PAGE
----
Abdul Qadeer Khan



The father of Pakistan’s nuclear programme.

Pakistan exploded six nuclear weapons in the desert of Baluchistan, on 28 May 1998, (two weeks after India’s re-tested theirs), to scenes of national ecstasy, and Abdul Qadeer Khan was hailed as a hero. For three decades, at the top secret Kahuta Research Laboratories (now renamed Khan Research Laboratories) on the outskirts of Islamabad, Dr. Khan boosted uranium to weapons-grade and obtained enough of it to fuel Pakistan’s nuclear ambitions.

Khan moved to Europe to specialise in metallurgy at Berlin and at Leuven, in Belgium. In 1975, he joined a uranium enrichment plant in the Netherlands run by the British-Dutch-German consortium Urenco.

“When India conducted its nuclear explosions in 1974 and I felt that Pakistan’s security is in danger, I left everything and came back here,” Dr Khan reported to have said. In 1976 he returned to Pakistan and set in motion a nuclear weapons programme. Dr Khan promised the then President, Zulfikar Ali Bhutto, he could bring Pakistan back to parity with India, if the government could promise him unqualified support. Both promises were kept.

Dr Khan was awarded with Pakistan’s countless official decorations including 13 solid gold medals and many more public honours – the only Pakistani to have twice received the Nishan-I-Imtiaz, the country’s highest civilian honour. His image – wreathed in roses or electron rings – is a common sight on billboards and the sides of lorries that rumble down the roads of Pakistan. Ordinary Pakistanis revere Dr Khan as a great patriot and innovator who put him at risk to obtain the nuclear grail.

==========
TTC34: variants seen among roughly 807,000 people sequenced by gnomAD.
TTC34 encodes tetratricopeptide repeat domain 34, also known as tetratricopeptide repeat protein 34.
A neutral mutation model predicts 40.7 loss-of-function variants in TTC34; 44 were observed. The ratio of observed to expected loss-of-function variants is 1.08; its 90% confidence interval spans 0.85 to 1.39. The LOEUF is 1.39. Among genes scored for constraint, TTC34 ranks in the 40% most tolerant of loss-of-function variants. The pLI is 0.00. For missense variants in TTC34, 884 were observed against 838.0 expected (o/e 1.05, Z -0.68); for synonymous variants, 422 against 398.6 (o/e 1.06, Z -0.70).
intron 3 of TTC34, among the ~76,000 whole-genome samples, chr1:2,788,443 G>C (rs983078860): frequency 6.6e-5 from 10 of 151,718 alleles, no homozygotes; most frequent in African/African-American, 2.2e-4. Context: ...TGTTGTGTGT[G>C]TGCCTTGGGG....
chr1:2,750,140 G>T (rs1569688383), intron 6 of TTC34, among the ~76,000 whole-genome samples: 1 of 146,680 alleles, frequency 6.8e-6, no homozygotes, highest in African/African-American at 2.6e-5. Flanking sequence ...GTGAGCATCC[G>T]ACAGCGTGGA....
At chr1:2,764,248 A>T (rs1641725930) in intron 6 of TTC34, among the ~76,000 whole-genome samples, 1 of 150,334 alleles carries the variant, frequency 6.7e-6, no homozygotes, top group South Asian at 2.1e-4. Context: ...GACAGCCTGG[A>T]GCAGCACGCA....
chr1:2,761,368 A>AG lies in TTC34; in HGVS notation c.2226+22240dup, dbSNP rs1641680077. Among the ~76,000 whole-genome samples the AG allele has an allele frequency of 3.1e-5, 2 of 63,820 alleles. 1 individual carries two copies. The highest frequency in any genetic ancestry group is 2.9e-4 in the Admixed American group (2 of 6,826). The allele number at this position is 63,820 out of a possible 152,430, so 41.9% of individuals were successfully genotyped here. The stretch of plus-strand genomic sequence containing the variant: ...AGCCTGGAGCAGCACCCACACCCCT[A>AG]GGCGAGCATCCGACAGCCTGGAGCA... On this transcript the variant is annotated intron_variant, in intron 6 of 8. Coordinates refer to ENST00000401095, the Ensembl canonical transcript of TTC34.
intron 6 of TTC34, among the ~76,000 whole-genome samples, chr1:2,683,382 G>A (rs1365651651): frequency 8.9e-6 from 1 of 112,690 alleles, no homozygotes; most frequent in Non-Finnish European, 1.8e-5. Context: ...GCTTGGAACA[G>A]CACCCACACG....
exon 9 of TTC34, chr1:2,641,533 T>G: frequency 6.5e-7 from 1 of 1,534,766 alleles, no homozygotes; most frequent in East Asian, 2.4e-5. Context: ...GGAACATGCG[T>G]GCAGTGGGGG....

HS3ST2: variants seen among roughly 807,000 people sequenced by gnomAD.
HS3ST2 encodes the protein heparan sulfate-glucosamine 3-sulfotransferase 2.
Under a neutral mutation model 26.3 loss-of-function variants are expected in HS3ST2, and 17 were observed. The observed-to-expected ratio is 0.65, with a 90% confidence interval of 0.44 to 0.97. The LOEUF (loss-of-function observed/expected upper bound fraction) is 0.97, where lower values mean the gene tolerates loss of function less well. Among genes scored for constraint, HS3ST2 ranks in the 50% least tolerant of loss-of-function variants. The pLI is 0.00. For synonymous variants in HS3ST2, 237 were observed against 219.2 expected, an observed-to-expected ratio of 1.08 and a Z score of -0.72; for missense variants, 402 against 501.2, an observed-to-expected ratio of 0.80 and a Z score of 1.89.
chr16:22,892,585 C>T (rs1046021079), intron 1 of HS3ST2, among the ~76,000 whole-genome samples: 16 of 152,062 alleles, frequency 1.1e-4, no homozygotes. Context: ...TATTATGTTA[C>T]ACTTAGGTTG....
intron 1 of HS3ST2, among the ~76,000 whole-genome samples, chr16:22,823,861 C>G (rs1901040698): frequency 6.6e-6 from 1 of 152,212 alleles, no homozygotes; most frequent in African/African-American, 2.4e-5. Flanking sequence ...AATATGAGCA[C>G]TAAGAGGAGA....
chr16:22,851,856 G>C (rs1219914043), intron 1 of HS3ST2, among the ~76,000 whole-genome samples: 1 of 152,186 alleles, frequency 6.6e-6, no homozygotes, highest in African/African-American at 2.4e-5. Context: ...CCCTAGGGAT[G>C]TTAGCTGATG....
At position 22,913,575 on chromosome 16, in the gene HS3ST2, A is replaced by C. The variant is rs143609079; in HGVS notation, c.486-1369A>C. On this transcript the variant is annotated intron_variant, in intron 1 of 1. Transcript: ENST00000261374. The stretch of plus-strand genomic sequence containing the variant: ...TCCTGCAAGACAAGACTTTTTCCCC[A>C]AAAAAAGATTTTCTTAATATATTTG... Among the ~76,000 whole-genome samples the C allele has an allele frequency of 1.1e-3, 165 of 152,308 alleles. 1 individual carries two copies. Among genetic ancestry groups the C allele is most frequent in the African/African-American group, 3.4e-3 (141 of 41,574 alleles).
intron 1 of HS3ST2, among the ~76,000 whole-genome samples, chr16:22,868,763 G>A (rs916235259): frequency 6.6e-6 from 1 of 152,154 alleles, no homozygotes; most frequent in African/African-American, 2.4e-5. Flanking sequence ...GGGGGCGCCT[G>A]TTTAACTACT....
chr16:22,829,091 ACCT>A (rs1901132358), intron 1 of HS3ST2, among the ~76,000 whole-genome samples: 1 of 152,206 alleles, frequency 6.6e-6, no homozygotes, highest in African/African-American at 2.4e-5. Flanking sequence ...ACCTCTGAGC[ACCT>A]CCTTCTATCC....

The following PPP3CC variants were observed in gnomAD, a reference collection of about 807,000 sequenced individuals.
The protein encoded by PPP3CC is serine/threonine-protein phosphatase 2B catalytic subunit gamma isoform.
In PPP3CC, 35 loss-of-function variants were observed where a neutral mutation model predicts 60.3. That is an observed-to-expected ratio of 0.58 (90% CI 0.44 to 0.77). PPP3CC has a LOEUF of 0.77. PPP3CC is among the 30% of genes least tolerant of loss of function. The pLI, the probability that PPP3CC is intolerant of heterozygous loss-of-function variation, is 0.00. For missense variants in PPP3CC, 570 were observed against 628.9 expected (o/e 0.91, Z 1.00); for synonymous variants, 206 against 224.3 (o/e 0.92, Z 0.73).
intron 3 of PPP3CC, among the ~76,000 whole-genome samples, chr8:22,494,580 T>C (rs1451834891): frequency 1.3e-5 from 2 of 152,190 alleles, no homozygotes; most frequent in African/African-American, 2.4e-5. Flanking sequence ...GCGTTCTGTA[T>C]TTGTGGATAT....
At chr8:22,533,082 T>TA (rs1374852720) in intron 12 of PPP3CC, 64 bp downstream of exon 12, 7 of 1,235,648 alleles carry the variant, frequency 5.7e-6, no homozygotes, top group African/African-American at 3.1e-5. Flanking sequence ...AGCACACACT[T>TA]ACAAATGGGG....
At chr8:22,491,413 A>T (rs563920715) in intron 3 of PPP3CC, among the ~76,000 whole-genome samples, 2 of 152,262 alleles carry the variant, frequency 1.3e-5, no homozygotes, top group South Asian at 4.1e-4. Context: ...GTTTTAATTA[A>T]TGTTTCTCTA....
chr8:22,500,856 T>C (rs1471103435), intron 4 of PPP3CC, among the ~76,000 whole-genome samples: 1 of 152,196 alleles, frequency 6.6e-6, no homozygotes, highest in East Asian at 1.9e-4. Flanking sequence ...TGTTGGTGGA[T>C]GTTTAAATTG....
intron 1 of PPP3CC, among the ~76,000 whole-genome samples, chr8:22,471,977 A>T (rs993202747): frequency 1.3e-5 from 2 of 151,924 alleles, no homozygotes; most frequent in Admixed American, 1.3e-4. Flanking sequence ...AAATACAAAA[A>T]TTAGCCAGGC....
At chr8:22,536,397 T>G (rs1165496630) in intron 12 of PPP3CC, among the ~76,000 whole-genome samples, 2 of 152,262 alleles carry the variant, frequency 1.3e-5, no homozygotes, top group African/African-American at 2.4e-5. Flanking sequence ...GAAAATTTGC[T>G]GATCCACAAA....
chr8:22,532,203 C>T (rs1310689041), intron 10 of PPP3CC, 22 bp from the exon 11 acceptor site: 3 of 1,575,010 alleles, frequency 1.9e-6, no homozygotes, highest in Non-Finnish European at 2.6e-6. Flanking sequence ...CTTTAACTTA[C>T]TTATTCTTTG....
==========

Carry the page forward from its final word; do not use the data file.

Dr Khan was charged in 2003, under the relentless pressure of the US, with overseeing the sale of nuclear technology and know-how to Iran, Libya and North Korea. He later made a public apology, saying he took full responsibility for the proliferation activities. Although, President Musharraf officially pardoned him in 2004, Mr Khan was confined mainly to his house, except for a trip to Karachi in 2007 for cancer treatment at a hospital.

However, in his first western media interview, in 2008, (since 2004) Mr Khan said President Musharraf had forced the confession upon him. “It was not my own free will. It was handed into my hand”, he told the London’s The Guardian. On some other occasion, he reported to have said, “I am not unhappy with the people of Pakistan. But I am not happy with the hypocrite rulers.”

Abdul Qadeer Khan was born in Bhopal in India, he moved to Pakistan in 1952, five years after the partition of British India. He passed away in Islamabad and was accorded a state funeral.

Compiled by:M. Nauman Khan

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Dear Obituarist,

with reference to your statement "Dr Khan was charged in 2003, under the relentless pressure of the US, with overseeing the sale of nuclear technology and know-how to Iran, Libya and North Korea. He later made a public apology, saying he took full responsibility for the proliferation activities" - this chimes with many of the obituaries in the Western media that accuse him [and Pakistan] of "illegal" activities.